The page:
David Bruce: Dante’s PURGATORY: A Discussion Guide — Canto 1: The Island of Purgatory and Cato the Guard

Canto 1: The Island of Purgatory and Cato the Guard

  • What does Dante do at the start of Canto 1 of Purgatory?

Dante is starting a new major section of The Divine ComedyPurgatory— and he invokes the Muses the way an epic poet should. Previously, in the Inferno, he described the place where sins are punished, and now, in Purgatory, he describes the place where sins are purged.

Dante invokes the Muses in general, and Calliope, the Muse of epic poetry, in particular:

But let dead Poesy here rise again,

O holy Muses, since that I am yours,

And here Calliope somewhat ascend,

My song accompanying with that sound,

Of which the miserable magpies felt

The blow so great, that they despaired of pardon.

(Longfellow 1.7-12)

The reference is to a sin of old. King Pierus had nine daughters, whom he named after the nine Muses. These daughters sinned by being proud, and they challenged the Muses to a contest. Of course, they lost the contest, and as a result they were turned into magpies. This myth is significant because pride is the worst of human sins.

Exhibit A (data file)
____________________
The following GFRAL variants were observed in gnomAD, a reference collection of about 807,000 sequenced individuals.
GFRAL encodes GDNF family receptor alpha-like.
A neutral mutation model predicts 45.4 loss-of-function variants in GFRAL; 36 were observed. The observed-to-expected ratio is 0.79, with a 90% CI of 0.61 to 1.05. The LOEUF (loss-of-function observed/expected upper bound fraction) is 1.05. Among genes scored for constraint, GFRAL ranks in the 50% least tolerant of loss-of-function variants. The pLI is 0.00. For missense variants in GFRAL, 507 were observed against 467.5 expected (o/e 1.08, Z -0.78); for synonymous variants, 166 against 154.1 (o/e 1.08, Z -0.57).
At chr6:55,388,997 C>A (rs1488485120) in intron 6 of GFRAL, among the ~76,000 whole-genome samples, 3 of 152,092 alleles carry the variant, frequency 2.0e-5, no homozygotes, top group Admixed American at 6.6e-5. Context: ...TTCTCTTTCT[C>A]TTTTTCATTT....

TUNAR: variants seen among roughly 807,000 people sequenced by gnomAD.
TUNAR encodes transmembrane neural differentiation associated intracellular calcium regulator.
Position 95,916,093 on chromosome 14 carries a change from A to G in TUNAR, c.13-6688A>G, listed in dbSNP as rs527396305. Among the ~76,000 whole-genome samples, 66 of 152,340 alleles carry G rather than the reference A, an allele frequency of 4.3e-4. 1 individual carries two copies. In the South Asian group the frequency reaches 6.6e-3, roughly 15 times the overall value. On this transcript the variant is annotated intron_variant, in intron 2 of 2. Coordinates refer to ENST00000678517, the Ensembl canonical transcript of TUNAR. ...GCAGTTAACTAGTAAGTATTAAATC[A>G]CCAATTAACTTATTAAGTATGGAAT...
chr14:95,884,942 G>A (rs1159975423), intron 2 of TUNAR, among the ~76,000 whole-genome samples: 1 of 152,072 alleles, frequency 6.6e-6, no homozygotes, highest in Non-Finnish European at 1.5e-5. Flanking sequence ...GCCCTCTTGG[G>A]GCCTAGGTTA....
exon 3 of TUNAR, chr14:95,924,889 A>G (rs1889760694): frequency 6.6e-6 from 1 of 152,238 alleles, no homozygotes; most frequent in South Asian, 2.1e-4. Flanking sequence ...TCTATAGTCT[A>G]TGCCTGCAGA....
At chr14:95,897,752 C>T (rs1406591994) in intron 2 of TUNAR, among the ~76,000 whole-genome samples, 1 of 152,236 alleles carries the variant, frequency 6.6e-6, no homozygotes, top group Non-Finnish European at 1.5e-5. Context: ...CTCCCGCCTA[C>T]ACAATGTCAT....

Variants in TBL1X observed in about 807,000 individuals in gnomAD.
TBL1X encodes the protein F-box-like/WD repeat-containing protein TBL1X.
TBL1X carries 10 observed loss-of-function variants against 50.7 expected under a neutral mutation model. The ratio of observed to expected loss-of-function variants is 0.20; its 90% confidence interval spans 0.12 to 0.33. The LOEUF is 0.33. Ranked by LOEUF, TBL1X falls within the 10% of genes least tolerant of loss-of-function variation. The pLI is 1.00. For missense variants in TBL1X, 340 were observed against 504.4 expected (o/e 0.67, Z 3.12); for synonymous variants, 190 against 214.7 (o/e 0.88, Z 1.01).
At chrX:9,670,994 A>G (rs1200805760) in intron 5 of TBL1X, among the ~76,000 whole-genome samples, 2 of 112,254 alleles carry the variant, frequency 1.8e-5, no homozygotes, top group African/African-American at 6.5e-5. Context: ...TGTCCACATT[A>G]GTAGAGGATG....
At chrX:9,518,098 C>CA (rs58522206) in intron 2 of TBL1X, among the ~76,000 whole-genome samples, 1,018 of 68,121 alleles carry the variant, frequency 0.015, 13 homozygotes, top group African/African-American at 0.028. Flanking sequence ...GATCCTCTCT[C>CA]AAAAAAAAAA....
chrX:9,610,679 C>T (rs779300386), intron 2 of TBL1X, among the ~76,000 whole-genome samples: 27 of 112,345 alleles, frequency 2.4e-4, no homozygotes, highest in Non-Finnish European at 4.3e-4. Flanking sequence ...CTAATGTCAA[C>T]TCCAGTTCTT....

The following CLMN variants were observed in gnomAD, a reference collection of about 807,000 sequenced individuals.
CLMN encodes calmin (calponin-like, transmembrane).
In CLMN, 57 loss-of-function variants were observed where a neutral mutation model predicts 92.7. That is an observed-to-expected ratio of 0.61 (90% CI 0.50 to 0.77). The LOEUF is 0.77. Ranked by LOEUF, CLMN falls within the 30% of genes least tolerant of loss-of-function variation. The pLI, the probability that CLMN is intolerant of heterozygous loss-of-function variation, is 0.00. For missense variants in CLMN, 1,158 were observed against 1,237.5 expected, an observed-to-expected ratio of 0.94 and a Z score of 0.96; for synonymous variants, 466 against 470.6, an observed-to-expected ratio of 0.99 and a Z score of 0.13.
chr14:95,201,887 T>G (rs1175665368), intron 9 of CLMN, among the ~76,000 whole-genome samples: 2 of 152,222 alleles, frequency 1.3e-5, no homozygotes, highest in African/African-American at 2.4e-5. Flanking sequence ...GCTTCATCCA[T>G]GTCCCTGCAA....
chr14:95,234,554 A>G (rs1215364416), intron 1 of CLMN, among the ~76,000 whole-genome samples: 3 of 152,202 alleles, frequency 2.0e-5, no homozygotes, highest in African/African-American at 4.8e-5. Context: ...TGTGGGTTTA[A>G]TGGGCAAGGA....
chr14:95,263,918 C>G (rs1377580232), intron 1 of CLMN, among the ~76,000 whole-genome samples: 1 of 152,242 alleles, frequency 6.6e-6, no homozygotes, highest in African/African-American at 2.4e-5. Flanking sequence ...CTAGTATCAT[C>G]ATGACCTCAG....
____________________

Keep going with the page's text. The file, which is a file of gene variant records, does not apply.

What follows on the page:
By the way, the time is Easter Sunday, 10 April 1300, just before dawn. Dante went into Hell on Good Friday, and he comes out of Hell on Easter Sunday. Of course, Christ died on Good Friday, and he was resurrected on Easter Sunday. During the time he was dead, he went into Limbo, and he took out the souls who did not belong there. This, of course, is known as the Harrowing of Hell. Those souls may include the soul of Cato, the guardian on the lower part of the Mountain of Purgatory. Some souls apparently began to climb the Mountain of Purgatory after the Harrowing of Hell. Some souls rescued by Jesus went to Paradise immediately, while some other souls, perhaps, started climbing the Mountain of Purgatory. Cato, of course, was put to work.

  • What is the purpose of Purgatory? Why is it so important?

In Purgatory, people get ready for Paradise. They need to be purged of sin so that they can be in the presence of God.

Truly, Purgatory is needed. The Inferno is where the sinners who did not repent go. Paradise is where sinners who have repented and have purged their sins — or been specially forgiven by God — go. Purgatory is where sinners who have repented can purge their sins.

The word “purgatory” comes from two Latin words: purusand agere. Put together, they form “to make pure.” Repented sinners need to be cleansed of their sin.